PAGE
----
Category Archives: Legal History

Loyal Dogs, and Dogs and Law

Dogs are proverbially loyal. Many traditional stories emphasise this. Odysseus’ dog Argos recognised his master after all his years away, after waiting for him to return to Ithaca. In Edinburgh, major tourist attractions are the statue and grave of Greyfriars … Continue reading

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Legitimacy of Mary Queen of Scots

It is interesting to see that today, 10 May 2018, The Scotsman (p. 3) has an astonishing scoop: James V was not the father of Mary Queen of Scots, but instead it was Murdo Mackenzie! Ilona Amos has written that … Continue reading

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VE Day

Today, 8 May, is VE Day, which seems to be being generally ignored in the British media. Of course the war against Japan continued. There is a major commemoration in Paris.

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A change for the better?

Many of us teaching in Scottish law schools will have received a recent email from the Law Society of Scotland announcing a series of planned discussions with various stakeholders about the content of the law degree and the diploma in … Continue reading

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Slavery in France and its Colonies

Slavery was abolished in the French colonies in 1848. This year, therefore is the 170th anniversary of this event. As citizens of a former colonial country, the French have been conscious in recent years of the history of slavery in … Continue reading

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Some curious Scottish Legal MSS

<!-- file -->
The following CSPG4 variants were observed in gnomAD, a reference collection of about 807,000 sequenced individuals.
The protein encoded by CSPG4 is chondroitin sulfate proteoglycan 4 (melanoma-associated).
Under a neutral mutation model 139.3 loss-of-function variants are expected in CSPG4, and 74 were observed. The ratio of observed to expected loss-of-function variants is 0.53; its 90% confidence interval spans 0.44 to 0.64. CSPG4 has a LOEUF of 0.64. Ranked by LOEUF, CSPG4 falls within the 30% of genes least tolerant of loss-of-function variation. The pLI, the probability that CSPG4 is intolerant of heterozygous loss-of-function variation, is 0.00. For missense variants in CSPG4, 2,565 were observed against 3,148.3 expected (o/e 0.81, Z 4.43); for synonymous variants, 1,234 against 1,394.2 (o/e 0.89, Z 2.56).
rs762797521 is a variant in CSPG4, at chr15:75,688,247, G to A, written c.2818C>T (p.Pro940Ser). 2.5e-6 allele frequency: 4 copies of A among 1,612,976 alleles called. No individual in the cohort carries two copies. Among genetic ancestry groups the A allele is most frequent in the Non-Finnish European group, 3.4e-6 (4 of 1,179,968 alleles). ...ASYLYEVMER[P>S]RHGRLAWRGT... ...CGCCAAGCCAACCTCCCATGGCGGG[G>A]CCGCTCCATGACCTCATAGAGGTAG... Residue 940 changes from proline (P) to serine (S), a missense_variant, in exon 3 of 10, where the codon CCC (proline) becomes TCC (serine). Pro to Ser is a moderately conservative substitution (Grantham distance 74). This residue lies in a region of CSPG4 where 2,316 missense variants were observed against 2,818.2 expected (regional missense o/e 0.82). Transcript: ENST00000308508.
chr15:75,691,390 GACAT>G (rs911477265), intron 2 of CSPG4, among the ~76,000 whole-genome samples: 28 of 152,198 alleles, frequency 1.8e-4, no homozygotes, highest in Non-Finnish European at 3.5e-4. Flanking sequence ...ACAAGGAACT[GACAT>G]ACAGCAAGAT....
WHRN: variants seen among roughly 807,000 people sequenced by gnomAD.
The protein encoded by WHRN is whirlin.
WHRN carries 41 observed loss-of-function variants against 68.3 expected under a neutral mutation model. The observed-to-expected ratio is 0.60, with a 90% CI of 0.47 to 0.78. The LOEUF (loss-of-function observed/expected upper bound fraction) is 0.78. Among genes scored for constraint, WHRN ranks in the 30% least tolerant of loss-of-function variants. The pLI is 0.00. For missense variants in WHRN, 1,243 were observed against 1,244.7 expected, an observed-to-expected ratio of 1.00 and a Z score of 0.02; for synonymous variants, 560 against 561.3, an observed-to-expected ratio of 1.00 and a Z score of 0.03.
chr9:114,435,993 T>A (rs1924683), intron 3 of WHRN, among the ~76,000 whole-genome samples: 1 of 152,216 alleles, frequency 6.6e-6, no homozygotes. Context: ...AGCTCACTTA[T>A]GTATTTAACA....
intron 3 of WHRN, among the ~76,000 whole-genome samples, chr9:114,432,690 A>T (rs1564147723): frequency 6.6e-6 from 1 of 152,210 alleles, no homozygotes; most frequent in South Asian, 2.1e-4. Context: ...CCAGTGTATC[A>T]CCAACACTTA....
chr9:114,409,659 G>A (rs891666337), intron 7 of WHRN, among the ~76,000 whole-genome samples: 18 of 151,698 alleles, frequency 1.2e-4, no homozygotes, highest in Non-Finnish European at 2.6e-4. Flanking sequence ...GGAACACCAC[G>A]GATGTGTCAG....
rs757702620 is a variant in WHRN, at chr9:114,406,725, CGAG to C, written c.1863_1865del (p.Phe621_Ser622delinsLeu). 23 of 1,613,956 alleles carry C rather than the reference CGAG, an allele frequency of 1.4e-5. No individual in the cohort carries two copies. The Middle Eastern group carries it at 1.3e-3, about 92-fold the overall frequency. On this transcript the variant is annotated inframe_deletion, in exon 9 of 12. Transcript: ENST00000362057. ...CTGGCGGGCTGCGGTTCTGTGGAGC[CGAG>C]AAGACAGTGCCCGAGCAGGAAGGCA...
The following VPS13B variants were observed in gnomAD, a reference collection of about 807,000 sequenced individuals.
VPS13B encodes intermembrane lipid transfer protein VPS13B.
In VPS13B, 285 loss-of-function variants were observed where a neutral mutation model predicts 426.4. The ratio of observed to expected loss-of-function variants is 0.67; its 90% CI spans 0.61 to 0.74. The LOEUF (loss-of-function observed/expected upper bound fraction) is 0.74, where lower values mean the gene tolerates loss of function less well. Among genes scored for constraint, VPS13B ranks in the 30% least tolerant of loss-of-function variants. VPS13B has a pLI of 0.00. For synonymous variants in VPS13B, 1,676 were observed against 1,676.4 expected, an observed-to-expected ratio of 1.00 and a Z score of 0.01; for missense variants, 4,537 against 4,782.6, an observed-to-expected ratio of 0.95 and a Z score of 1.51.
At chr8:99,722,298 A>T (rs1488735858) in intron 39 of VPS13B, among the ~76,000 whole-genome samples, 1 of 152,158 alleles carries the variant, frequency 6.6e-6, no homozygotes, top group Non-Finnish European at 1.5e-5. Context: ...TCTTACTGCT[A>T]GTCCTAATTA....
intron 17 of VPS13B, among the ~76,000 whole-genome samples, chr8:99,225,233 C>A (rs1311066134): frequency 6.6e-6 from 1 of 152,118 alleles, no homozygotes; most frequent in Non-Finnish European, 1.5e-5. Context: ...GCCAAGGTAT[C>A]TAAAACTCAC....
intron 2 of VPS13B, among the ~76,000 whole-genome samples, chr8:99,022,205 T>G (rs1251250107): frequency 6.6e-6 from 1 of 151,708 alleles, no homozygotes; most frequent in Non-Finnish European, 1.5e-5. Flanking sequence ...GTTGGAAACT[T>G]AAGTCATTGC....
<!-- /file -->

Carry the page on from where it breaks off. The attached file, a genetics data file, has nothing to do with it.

The Law Book Exchange is currently offering for sale two Scottish legal MSS. Both reveal something about the nineteenth-century lives of Scots from different social backgrounds The first consists of papers from H.M.A. v. Hunter & Mackie. These were papers … Continue reading

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What’s Happening in Black British History VIII

The Agenda has just been announced for “What’s Happening Black British History VIII”, to be held at the University of Huddersfield on Thursday 10th May, jointly organized by the Institute of Commonwealth Studies and the University. The agenda is as … Continue reading

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Some Court Houses of New South Wales

British colonisation of the interior of New South Wales required crossing the Blue Mountains from the Cumberland Plain on which much of the metropolitan area of Sydney lies. This was eventually achieved in 1813 by Blaxland, Wentworth, and Lawson during … Continue reading

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Two Scottish Books of Interest

Your blogger likes to torture himself by looking at catalogues of rare and antiquarian books. The catalogues often contain material of great interest, however, and have indeed resulted in a few blog entries about items and provenance. Your blogger has … Continue reading

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Black Tudors

In 2007, the anniversary of the abolition of the slave trade within the British Empire led both to self-congratulation and blame. But it had the effect of stimulating considerable research into the British relationship to slavery. One event that year … Continue reading

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